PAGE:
Breivik, as we know, described a new Knights Templar order in his long manifesto, reaching back to the early crusades. And he assassinated about 70 “liars” and “traitors”: members of a social-democratic youth movement in Norway. Crusades are real.
3. Do the ergoic work
We have seen earlier that ergoic patterns are at the core of what “being reasonable” actually means; we have also seen that it consists in relating small things – incidents, events, phenomena, occurrences – to larger patterns, to a “theory”.
This theory, we also saw, does not require the disciplined methodical underpinning of a rational theory. Absence of evidence simply constitutes proof of its validity; scarcity or falseness of evidence as well. What is required is (a) a Grand Narrative and (b) some evidence. A widespread Grand Narrative is that of Islam as a hostile religion, and of Muslims as engaged in a Jihad against “us”. This highly elastic proposition is directly connected to another very flexible theme: immigration. Immigration is always “mass importation” of “potentially dangerous enemies” who will eventually exterminate the populations of the Christian West.
(Translation: Fight with me… MORE MORE MORE: truth; no more political correctness; freedom of speech, our highest good; renewed sovereignty, no more EU-puppet; closed borders, no more Muslim migrants. LESS LESS LESS: ban Islam, a political ideology of conquest; get rid of the Qur’an, a book replete with hatred towards you; close al mosques, centers for jihadists; no more Islamic schools, poisoning. A Free Netherlands, Our Netherlands, Vote PVV, Party of Freedom)
We shall all perish because of the complicity of our leading Left-wing elites, who are actually (and especially through transnational systems of governance such as the EU, the UN or NATO) conspiring with the Arabs against us, in attempts to Islamize Europe. These elites, therefore, are our enemies. We shall perish through genocidal Jihad, and/or through demographic genocide – the gradual but steady increase of Muslim populations in the West, eventually turning “us” into a minority.
Evidence for this Grand Narrative can be found in the smallest anecdotes relating to Muslim intolerance, aggression or cultural-religious assertiveness: women wearing the hijab, halal food in mainstream supermarkets, the use of Arabic as a publicly displayed language, Muslims complaining about violations of their rights and freedom of religion, Muslims attacking or verbally abusing non-Muslims, Western politicians meeting their Middle-Eastern counterparts or giving speeches at Muslim religious events (often qualified as soumission, following the title of a novel by Houellebecq) – there is no limit to what can be used as “facts” to prove the theory, and if there is a shortage of such facts, they can be manufactured. Here is a short list of such hoaxes retweeted by Donald Trump.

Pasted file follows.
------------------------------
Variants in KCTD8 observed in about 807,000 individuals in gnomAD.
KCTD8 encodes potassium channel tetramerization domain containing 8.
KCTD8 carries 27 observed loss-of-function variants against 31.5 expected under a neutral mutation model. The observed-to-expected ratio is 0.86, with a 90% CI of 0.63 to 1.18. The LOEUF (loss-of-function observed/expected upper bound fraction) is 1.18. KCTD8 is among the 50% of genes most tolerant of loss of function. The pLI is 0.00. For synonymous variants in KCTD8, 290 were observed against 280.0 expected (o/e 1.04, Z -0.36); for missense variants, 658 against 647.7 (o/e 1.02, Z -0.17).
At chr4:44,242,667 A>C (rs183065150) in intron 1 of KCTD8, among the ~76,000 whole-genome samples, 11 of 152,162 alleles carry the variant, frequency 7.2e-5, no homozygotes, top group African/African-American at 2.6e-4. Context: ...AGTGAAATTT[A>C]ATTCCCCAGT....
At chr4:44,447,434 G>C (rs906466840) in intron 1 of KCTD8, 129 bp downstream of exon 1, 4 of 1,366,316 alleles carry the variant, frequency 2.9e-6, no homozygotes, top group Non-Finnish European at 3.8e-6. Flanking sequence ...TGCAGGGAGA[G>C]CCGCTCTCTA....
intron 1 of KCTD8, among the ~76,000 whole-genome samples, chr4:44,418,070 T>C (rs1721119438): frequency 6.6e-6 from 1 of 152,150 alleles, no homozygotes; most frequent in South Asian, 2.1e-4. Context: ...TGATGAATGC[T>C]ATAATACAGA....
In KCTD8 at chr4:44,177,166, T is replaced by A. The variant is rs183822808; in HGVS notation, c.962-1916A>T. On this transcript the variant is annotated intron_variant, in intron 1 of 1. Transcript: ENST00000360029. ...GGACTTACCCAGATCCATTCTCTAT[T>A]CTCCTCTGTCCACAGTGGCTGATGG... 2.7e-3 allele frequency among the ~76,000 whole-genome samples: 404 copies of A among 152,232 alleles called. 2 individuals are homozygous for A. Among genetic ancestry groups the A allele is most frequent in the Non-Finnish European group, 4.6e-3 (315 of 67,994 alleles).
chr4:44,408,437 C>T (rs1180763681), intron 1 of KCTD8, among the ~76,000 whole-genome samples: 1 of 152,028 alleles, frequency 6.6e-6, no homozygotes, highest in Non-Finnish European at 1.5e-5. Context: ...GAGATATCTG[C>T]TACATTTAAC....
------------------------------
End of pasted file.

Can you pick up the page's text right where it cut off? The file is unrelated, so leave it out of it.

The latter takes us to the fourth and final feature.
4. Use all the affordances of social media
Social media are excellent platforms for this kind of ergoic work. The economy of circulation on social media is characterized by speed, frequency and intensity, and quick ergoic patterns can be established by exploiting these affordances through short, often visual (or visually-supported), messages such as memes or gifs, or through the crisp and concise reiteration of the Grand Narrative as shown in some examples above. Veritable saturation bombardments can be performed this way.
Here are some examples, and note the ergoic patterns we observe in them.
The world of Ergo-ism.
Such ergoic patterns constitute “alternative facts”. They form a self-contained “truth”, immune to any form of factual refutation, for such refutations are – within this world of alternative facts – seen as conclusive evidence of the truth. Grounded in everyday forms of reasoning and sense-making, they have explanatory power, they create coherence in how people view their world, and they define individual and group identities. Supported by an infrastructure of social media offering unique affordances tailor-made for such quick-and-dirty explanations, they become extraordinarily persuasive – persuasive enough to turn electorates toward candidates and parties embodying the moralized “true” truth.
We live in a world where such ergo-ism defines the codes and standards of mass information and public debate. Whether this development is likely to make us “great again” is highly questionable. It is the topic of intense debate as well. And one element in such debates is inevitable: it is insufficient to simply disqualify such forms of ergoic work as a new form of obscurantism, as an endless supply of nonsense and unbelievable inferential quantum-leaps. We are facing here the rationality of our times. or better: the rationalities of our times, for there are multiple rationalities competing in the public sphere and reshaping what we used to call Modernity. Yes, the very term “alternative facts” could qualify as the ultimate marker of post-Modernity, since it turns something absolute – the rational orientation to knowledge – into a relative thing co-existing alongside a range of alternative ones. But even when we admit that we should address the puzzling moral absolutism with which such alternative versions are held to be the one-and-only truth. This is, if anything, an absolutist relativism – in itself quite an unbelievable thing.